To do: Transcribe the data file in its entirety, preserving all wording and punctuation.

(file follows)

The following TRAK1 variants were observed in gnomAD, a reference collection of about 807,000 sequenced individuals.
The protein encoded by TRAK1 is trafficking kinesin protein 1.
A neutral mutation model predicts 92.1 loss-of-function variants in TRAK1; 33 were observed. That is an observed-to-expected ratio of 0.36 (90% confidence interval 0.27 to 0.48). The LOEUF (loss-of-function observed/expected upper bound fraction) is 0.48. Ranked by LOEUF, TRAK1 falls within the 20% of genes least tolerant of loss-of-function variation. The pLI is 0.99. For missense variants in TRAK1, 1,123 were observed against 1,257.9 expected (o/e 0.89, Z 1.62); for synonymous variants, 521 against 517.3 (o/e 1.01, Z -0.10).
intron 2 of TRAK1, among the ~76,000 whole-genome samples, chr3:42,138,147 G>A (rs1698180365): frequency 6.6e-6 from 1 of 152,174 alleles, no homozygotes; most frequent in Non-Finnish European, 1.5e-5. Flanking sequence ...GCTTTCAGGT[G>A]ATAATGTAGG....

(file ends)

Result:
The following TRAK1 variants were observed in gnomAD, a reference collection of about 807,000 sequenced individuals.
The protein encoded by TRAK1 is trafficking kinesin protein 1.
A neutral mutation model predicts 92.1 loss-of-function variants in TRAK1; 33 were observed. That is an observed-to-expected ratio of 0.36 (90% confidence interval 0.27 to 0.48). The LOEUF (loss-of-function observed/expected upper bound fraction) is 0.48. Ranked by LOEUF, TRAK1 falls within the 20% of genes least tolerant of loss-of-function variation. The pLI is 0.99. For missense variants in TRAK1, 1,123 were observed against 1,257.9 expected (o/e 0.89, Z 1.62); for synonymous variants, 521 against 517.3 (o/e 1.01, Z -0.10).
intron 2 of TRAK1, among the ~76,000 whole-genome samples, chr3:42,138,147 G>A (rs1698180365): frequency 6.6e-6 from 1 of 152,174 alleles, no homozygotes; most frequent in Non-Finnish European, 1.5e-5. Flanking sequence ...GCTTTCAGGT[G>A]ATAATGTAGG....